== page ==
This is the story of a rich man and his unjust steward.  

A steward is a man who is in charge of another man’s goods.  

Abraham had a steward, you remember, who had charge of all his possessions.  

It was Abraham’s steward who went on a trip to Haran to find a bride for Abraham’s son Isaac.  

David also had stewards, and they had charge of all the kings’ possessions, including his children.  

Paul tells us, “Moreover it’s required in stewards, that a man be found faithful.” (1 Cor 4:2)  

The steward in this parable would correspond to the president of a corporation. 

He had charge of this rich man’s goods.  

No charge of immoral activity is made here; what he was guilty of was mismanagement and misappropriation of funds. 

He was like those in the Enron scandal who by fraudulent accounting practices stole millions.  

The unjust steward wasted the goods of his master.

The day of reckoning had come for this man.  

He had to give an account.  

Now, since he had the signet ring of his master and was the paymaster, instead of drawing up a financial statement, he decided to use the law of the world, which is self-preservation.  

But, the master held the manager accountable, and that reminds us that God will hold the world accountable.  

The basis for this final judgment is faith in Jesus Christ. 

That’s why we should act decisively and shrewdly now to prepare for a future accounting with God.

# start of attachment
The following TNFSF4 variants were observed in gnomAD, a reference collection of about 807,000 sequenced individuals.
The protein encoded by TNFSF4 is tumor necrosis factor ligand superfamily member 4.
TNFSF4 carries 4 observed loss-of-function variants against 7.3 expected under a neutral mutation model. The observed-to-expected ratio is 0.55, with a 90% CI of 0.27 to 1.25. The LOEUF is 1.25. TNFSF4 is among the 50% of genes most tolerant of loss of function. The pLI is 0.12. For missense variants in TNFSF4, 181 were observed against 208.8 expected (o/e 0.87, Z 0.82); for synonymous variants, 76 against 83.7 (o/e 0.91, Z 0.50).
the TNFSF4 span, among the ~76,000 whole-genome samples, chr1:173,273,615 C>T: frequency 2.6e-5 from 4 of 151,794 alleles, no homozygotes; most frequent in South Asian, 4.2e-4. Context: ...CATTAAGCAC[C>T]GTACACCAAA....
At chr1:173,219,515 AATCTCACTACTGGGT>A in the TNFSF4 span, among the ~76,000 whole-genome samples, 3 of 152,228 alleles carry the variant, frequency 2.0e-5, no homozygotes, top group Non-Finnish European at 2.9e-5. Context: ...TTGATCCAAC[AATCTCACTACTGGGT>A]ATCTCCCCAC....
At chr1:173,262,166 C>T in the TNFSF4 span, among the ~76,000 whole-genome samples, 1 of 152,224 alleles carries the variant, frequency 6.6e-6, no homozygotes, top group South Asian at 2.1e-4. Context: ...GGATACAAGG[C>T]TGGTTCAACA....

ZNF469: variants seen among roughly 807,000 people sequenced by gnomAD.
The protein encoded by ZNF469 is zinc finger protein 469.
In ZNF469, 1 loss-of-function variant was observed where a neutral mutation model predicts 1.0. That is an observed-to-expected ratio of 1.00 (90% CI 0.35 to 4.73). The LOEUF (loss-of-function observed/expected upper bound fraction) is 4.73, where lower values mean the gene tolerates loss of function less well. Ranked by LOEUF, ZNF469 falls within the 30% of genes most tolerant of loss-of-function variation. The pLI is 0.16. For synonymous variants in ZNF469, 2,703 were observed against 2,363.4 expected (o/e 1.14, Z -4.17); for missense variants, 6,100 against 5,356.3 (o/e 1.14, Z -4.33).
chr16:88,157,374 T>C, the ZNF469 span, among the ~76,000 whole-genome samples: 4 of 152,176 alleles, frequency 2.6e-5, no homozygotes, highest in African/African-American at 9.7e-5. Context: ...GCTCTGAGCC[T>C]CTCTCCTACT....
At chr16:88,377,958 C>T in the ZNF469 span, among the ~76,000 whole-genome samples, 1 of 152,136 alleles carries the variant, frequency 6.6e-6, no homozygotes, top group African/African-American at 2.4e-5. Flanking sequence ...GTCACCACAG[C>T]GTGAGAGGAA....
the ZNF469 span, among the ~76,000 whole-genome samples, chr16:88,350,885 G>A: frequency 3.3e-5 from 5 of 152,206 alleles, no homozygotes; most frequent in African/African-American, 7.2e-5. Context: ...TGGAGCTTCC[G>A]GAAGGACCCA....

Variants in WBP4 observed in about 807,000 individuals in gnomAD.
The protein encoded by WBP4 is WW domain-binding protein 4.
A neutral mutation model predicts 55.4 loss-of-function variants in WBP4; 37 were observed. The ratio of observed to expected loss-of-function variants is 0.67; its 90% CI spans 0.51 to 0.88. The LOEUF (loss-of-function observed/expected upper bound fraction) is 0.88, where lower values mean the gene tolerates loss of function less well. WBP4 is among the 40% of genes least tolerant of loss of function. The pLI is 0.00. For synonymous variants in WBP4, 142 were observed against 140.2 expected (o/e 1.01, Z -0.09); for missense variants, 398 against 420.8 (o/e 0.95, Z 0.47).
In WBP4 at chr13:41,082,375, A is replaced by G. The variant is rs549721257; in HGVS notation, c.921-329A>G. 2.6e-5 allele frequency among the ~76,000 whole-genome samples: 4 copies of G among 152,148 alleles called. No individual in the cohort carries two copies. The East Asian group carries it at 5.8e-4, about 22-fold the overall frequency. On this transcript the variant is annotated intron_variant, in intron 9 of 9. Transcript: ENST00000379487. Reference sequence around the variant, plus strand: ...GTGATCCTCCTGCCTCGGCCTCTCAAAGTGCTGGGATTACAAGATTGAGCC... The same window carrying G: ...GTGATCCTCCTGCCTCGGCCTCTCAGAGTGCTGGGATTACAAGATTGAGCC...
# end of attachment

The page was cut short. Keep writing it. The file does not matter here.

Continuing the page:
This man must have had soft hands and he felt that he couldn’t be a common laborer.  

And he was ashamed to beg.  

It makes you smile when you read verse 3; the man may have been ashamed to beg, but he wasn’t ashamed to steal!  

Unfortunately there are a lot of people like that today.

This man remains silent when the owner charges him with being guilty of mismanagement.  

He didn’t loudly declare his innocence.  

He must have been guilty as charged.

He did not repent; he had no regret or remorse for his actions.  

This man was crooked; however, he would be called clever by the world’s standards.  

He had no training for other work, and his age was probably against him.  

He was too proud to beg, but he wasn’t ashamed to be dishonest.  

He thinks and thinks about what he should do.  

All of a sudden we hear him saying, “I’ve got it!  I know exactly how to feather my nest for the time when I will be out of a job.”  

His last minute plan would cause his master’s debtors to provide financial support for him in the future, that is, that they would feel the need to help him.

(For what future needs do you need to make financial preparation)

Verses 5-9 show the need to—

Make Wise Decisions (Luke 16:5-9)

5 So he called every one of his lord’s debtors unto him, and said unto the first, How much owest thou unto my lord?

6 And he said, An hundred measures of oil. And he said unto him, Take thy bill, and sit down quickly, and write fifty. 

7 Then said he to another, And how much owest thou? And he said, An hundred measures of wheat. And he said unto him, Take thy bill, and write fourscore. 

8 And the lord commended the unjust steward, because he had done wisely: for the children of this world are in their generation wiser than the children of light.

9 And I say unto you, Make to yourselves friends of the mammon of unrighteousness; that, when ye fail, they may receive you into everlasting habitations. 

The manager began putting his plan into action by summoning each of his master’s debtors so he could reduce their debt.  

This long-term plan was designed to have people indebted to him when he needed them.